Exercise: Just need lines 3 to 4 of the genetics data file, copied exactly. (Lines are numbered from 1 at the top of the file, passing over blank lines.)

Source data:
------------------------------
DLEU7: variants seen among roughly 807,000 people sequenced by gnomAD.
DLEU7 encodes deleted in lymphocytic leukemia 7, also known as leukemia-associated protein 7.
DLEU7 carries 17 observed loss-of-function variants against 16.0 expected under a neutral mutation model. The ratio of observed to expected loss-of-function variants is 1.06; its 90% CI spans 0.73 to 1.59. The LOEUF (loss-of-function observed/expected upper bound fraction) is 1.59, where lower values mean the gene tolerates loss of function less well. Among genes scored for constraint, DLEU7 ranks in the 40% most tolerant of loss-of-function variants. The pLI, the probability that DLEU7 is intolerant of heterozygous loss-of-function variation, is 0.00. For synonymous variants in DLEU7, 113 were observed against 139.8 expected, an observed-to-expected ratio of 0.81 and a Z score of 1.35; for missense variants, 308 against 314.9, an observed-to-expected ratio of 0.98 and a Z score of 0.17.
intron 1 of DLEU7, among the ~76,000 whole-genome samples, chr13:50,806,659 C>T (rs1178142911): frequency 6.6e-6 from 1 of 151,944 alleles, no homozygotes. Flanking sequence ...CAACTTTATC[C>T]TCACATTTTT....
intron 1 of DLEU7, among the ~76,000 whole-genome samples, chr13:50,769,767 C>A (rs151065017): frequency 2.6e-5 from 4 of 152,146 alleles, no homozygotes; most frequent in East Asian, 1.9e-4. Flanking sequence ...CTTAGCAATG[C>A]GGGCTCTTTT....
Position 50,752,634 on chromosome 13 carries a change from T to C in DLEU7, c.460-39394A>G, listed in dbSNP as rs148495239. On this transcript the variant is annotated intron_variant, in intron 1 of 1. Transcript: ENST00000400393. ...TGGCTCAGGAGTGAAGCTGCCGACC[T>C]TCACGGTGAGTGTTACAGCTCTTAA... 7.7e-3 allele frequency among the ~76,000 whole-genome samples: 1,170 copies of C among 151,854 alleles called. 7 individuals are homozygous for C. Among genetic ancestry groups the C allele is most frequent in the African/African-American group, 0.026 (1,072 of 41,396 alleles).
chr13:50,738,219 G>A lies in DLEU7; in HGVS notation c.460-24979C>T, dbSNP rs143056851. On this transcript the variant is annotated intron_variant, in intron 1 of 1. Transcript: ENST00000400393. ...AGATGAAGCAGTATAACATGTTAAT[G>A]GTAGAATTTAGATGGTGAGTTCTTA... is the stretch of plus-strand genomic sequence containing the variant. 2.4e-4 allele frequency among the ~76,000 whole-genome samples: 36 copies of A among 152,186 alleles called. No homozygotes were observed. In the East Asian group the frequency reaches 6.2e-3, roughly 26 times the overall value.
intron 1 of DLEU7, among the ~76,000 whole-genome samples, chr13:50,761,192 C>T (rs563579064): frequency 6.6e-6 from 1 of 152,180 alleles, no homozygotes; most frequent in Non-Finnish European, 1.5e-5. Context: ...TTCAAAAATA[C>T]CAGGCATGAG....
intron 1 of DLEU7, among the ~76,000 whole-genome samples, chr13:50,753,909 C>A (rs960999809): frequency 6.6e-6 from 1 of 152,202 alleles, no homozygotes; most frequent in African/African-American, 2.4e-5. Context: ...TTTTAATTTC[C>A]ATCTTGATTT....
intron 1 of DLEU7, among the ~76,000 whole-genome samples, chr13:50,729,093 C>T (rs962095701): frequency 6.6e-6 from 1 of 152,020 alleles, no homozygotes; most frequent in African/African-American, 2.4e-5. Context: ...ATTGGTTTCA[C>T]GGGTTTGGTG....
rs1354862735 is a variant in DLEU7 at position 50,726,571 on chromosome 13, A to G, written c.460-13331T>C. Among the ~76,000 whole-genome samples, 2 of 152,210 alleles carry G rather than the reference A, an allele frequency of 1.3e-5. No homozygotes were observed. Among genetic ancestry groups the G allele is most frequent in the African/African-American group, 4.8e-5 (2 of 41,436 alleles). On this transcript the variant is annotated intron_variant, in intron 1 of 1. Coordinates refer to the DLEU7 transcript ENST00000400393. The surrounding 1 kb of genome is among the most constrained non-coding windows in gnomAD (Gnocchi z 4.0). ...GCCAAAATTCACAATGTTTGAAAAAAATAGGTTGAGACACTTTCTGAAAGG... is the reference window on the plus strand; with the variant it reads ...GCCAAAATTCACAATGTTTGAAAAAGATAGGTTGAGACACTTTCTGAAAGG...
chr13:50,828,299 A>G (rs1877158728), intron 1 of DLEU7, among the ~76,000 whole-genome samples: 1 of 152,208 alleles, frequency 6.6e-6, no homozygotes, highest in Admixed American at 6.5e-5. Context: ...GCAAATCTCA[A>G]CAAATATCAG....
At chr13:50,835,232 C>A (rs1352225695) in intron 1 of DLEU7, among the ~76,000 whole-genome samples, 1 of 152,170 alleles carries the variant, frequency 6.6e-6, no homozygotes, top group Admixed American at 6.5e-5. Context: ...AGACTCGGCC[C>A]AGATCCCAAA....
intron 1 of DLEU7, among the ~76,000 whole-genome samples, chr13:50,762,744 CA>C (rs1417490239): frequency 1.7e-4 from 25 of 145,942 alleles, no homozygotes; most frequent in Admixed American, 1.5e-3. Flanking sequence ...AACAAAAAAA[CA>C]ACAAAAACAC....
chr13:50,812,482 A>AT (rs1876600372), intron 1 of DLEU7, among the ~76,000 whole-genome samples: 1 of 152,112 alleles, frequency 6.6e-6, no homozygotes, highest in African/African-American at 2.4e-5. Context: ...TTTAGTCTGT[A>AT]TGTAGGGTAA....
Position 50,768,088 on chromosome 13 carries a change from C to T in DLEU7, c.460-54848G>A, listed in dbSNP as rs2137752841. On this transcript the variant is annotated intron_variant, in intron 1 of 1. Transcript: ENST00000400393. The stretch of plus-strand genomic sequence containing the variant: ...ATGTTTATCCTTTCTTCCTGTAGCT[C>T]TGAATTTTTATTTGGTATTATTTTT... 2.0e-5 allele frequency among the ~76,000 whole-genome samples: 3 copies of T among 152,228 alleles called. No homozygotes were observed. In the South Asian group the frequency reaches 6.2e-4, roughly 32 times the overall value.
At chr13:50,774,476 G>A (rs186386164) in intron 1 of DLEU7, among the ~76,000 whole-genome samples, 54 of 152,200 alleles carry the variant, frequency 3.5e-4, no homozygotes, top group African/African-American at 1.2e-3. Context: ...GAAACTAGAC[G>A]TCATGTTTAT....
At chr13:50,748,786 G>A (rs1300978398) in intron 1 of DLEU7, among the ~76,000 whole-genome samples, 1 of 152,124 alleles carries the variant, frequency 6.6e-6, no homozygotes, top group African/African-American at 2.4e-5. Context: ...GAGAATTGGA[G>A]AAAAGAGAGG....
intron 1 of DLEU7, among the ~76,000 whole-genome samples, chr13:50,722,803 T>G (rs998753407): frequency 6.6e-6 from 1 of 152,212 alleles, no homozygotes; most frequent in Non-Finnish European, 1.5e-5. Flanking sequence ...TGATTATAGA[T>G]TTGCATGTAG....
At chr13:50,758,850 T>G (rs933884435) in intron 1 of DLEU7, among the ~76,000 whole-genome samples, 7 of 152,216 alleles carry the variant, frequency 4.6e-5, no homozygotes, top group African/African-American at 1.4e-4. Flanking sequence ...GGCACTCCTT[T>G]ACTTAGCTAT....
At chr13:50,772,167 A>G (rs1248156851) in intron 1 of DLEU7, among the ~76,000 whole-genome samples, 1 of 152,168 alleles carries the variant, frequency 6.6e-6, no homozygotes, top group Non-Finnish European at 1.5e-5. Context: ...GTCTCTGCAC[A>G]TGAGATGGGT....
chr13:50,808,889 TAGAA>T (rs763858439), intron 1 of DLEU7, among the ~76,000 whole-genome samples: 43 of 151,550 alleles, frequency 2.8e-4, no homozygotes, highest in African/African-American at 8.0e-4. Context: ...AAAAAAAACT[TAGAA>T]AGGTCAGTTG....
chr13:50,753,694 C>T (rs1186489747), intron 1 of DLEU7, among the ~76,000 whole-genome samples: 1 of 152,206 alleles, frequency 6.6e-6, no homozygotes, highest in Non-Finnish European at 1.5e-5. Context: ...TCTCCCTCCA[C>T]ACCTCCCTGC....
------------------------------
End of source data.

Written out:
DLEU7 carries 17 observed loss-of-function variants against 16.0 expected under a neutral mutation model. The ratio of observed to expected loss-of-function variants is 1.06; its 90% CI spans 0.73 to 1.59. The LOEUF (loss-of-function observed/expected upper bound fraction) is 1.59, where lower values mean the gene tolerates loss of function less well. Among genes scored for constraint, DLEU7 ranks in the 40% most tolerant of loss-of-function variants. The pLI, the probability that DLEU7 is intolerant of heterozygous loss-of-function variation, is 0.00. For synonymous variants in DLEU7, 113 were observed against 139.8 expected, an observed-to-expected ratio of 0.81 and a Z score of 1.35; for missense variants, 308 against 314.9, an observed-to-expected ratio of 0.98 and a Z score of 0.17.
intron 1 of DLEU7, among the ~76,000 whole-genome samples, chr13:50,806,659 C>T (rs1178142911): frequency 6.6e-6 from 1 of 151,944 alleles, no homozygotes. Flanking sequence ...CAACTTTATC[C>T]TCACATTTTT....